At 8 years old when my left arm began to swell and my “sick” days began, we found out the visible blue veins in my arm I was born with was an AVM (Arteriovenous Malformation) which is considered rare. I had one day just decided to grow and there wasn’t much they could do for it other than cut out as much as they could. That malformation caused about 4 years of intensive surgeries, excruciating pain, many hospitalizations, and one confused kid, but it did stop growing naturally at puberty. Which just so happened to be the time I became a know it all teenager, who no longer had to go to the hospital every month and I thought I would never have to go through another procedure again.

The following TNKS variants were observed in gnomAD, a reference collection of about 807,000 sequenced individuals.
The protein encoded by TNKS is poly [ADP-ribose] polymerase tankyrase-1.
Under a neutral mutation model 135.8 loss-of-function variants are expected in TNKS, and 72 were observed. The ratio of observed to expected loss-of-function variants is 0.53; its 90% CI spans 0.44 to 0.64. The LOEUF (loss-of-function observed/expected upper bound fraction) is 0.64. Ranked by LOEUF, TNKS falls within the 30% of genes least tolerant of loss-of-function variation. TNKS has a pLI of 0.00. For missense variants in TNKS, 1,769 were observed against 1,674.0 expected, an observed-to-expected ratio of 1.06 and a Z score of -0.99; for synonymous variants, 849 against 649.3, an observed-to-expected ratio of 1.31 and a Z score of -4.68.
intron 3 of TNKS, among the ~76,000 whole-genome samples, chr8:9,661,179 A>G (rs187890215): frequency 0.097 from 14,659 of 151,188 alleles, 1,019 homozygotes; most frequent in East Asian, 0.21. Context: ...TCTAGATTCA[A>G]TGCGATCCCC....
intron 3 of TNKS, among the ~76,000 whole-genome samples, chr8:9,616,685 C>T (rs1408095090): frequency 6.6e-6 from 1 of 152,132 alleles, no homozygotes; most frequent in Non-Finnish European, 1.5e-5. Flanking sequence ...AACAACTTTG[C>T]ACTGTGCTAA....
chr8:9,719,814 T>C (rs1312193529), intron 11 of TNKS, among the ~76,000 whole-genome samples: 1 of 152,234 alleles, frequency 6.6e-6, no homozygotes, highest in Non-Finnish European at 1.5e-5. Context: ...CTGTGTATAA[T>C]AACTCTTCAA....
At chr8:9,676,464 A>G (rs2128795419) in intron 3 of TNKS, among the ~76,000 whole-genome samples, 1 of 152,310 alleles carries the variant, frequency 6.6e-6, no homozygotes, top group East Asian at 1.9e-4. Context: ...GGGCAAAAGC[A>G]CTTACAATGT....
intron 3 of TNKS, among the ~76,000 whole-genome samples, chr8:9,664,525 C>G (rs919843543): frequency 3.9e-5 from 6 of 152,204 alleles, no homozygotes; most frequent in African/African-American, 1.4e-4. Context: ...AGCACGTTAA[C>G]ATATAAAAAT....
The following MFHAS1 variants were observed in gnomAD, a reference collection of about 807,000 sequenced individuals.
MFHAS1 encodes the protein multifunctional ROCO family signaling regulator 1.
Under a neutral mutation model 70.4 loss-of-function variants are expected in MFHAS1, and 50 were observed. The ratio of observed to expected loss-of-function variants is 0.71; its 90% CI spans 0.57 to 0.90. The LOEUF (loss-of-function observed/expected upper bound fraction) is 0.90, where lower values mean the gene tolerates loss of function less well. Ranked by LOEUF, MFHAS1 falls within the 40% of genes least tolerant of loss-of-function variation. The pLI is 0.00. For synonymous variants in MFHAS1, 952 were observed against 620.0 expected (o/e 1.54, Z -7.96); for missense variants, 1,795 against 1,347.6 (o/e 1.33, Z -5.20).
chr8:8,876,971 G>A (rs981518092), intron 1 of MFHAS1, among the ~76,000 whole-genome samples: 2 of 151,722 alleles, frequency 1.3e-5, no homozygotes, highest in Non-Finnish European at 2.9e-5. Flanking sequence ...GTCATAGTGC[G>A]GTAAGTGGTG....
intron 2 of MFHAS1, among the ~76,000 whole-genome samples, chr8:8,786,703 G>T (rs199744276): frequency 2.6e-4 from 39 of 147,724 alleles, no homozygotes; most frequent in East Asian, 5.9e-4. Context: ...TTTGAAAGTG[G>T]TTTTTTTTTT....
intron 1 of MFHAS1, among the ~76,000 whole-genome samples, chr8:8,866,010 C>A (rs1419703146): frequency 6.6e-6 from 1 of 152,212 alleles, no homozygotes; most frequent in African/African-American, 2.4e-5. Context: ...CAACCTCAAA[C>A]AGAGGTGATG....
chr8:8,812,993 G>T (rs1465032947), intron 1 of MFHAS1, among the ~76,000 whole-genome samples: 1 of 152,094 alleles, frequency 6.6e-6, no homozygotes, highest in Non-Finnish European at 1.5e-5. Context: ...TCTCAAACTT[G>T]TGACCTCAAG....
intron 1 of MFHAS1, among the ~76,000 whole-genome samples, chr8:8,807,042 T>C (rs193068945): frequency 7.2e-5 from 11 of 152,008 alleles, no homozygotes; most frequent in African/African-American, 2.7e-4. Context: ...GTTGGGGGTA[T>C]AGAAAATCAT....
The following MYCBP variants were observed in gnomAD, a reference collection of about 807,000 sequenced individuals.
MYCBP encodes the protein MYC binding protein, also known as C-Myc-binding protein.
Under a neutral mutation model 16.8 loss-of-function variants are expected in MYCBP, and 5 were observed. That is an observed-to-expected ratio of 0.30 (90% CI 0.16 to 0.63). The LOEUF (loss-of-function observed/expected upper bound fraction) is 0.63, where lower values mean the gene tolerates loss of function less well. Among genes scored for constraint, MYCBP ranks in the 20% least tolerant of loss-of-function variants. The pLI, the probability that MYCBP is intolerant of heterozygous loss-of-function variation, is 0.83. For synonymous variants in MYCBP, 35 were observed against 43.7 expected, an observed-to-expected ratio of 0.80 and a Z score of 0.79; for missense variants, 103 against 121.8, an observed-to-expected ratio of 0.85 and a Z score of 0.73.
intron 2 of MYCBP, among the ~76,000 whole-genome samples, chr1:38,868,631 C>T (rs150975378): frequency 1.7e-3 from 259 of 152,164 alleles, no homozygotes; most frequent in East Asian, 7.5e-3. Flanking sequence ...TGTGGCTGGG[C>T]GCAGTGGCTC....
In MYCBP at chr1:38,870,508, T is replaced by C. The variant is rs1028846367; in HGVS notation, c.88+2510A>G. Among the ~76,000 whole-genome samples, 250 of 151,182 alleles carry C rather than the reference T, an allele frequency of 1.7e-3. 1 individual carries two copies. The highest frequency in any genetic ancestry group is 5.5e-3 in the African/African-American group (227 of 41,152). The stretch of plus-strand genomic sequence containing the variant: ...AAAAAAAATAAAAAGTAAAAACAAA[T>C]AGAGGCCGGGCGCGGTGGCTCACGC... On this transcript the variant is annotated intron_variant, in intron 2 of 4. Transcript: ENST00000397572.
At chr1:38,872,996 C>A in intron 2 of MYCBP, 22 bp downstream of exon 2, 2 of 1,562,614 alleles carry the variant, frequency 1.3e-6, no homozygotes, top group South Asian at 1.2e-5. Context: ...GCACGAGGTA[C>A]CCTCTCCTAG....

My teen years were rough and full of both bad decisions and good decisions, which I’m sure most of you can sympathize with. At 13 I was going through a lot, I had pulled away from the best source in my life at the time, my grandparents, and eventually tried to commit suicide. Thankfully my friends didn’t keep it to themselves and I was hospitalized before I could take my own life. That wasn’t it for me though, I began to smoke both cigarettes and pot, I no longer had someone in my life to tell me how bad things were getting or to discipline me the way I should’ve been. That coupled with my stupid teenage mind lead to me to being 15 and pregnant. I was advised, quite strongly, to have an abortion and declined, I knew that the baby would be mine no matter what, and she would become my saving grace.